Peter Mechan yesterday admitted causing the death of 83-year-old Lewis Leslie by driving carelessly and while over the limit on an East Lothian road, the High Court in Edinburgh heard yesterday.
Mr Leslie’s wife of 40 years, Margaret, was devastated by the news of his death, suffering a stroke from which she never fully recovered. She died later the same month.
The court heard that Mechan had expressed sorrow for the pain and suffering he had caused as a result of the crash, which happened on August 11, 2009.
Mr Leslie, who lived in Gullane, had been returning from a night out in Edinburgh with a friend, George Montgomery, 62, who was driving, when the crash happened on the A198 between Prestonpans and Longniddry at its junction with Seton Mains.
Mechan’s Rover pulled out in front of the Peugeot and Mr Montgomery was unable to avoid it and crashed into it.
Mr Leslie, who was in the passenger seat of his Peugeot 406, was left trapped in the car and had to be cut free.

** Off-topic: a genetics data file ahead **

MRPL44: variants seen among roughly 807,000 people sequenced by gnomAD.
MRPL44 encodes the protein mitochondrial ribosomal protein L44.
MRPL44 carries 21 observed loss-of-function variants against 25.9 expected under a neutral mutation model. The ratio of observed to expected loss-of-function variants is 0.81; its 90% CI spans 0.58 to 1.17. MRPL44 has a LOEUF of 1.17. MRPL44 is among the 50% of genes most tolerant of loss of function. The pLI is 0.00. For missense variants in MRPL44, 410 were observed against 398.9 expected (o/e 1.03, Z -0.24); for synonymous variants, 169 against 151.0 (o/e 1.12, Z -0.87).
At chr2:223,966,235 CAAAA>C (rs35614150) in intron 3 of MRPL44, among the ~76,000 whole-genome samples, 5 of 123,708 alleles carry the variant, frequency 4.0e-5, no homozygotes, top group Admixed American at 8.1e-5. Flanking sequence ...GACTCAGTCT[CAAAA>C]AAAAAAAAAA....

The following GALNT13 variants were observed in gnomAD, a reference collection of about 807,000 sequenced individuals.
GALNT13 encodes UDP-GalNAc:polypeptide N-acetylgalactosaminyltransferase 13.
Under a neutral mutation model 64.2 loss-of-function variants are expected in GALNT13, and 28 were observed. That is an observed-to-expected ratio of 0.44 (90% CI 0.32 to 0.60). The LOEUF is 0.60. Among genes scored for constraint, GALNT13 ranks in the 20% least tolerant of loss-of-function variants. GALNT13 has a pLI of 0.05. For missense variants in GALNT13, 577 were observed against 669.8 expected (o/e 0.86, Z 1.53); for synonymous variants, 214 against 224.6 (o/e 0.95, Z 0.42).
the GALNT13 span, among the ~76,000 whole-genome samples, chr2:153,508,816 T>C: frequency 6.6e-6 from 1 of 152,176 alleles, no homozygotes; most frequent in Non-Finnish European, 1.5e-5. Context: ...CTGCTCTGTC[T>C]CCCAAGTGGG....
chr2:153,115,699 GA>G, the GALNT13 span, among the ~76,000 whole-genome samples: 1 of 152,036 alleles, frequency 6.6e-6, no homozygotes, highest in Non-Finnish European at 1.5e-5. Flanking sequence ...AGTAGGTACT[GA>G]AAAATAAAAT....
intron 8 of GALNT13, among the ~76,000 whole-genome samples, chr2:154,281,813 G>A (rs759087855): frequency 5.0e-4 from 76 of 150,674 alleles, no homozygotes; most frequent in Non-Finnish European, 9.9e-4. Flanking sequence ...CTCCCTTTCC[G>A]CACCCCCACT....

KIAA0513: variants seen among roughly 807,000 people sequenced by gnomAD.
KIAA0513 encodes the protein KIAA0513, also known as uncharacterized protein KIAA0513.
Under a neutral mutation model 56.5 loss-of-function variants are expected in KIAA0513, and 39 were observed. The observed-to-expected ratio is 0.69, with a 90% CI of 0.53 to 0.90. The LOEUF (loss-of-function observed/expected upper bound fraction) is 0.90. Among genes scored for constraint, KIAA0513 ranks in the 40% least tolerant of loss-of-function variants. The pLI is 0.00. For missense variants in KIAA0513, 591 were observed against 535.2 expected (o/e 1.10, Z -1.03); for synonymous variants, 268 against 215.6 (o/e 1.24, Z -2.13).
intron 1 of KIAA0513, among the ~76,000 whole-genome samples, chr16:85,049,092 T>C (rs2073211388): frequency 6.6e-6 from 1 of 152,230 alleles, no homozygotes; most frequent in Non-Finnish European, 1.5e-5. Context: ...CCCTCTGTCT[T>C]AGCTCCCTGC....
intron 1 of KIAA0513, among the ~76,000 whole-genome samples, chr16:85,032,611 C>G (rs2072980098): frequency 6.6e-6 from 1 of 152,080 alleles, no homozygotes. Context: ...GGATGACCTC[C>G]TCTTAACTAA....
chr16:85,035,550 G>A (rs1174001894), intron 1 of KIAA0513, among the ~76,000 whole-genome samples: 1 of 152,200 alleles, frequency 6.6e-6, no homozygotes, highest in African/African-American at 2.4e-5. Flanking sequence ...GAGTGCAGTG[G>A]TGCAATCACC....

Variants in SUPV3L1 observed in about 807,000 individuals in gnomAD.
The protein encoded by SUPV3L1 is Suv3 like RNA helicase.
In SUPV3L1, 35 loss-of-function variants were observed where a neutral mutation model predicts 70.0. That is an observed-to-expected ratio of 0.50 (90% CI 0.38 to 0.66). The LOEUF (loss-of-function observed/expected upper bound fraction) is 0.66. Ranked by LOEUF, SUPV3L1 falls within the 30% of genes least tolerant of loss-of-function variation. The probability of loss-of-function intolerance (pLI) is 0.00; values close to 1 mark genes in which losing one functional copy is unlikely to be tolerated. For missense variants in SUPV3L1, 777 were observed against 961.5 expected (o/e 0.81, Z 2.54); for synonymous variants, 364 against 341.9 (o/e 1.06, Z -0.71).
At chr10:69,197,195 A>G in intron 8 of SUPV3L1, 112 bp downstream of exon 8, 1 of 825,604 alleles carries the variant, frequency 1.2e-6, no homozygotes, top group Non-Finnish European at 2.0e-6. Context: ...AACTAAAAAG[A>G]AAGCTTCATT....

He died two days after the crash, on August 13, and an autopsy later revealed he had been killed by a tear within the abdomen.
Advocate depute Peter McCormack said: “The accused was driving his gold Rover along the Seton Mains private road and pulled out of the junction, without giving way, into the path of George Montgomery and Lewis Leslie.
“The witness Montgomery was forced to brake and he swerved towards the central reservation, but he was unable to avoid the Rover. This caused both vehicles to spin, with the Peugeot coming to rest partially on the central reservation and partially on lane two of the eastbound carriageway.”
Mr McCormack told the court that paramedics who attended to Mechan noticed the smell of alcohol on his breath.
He added: “He accepted he had been drinking. He said ‘I have been really stupid, there is no point in denying it’.”
The court heard that at hospital a sample of the accused’s blood was taken and contained 131mg of alcohol in 100ml of blood. The limit is 80mg.
Mr Leslie was active despite his age and was a full-time carer for his wife. Mr McCormack said: “He was an energetic man who enjoyed his garden and greenhouse, jazz and relationships with his wife, sons and grandchildren.
“He had been married to his wife, Margaret, for more than 40 years. She took the news of his death badly and suffered from a stroke, from which she did not recover.”
Mechan, of Sandport Street, Edinburgh, admitted causing the death of Mr Leslie by driving carelessly and that he was unfit through drink or drugs.
Judge Lady Dorrian deferred sentence until October 5 at the High Court in Glasgow. She banned Mechan from driving in the interim.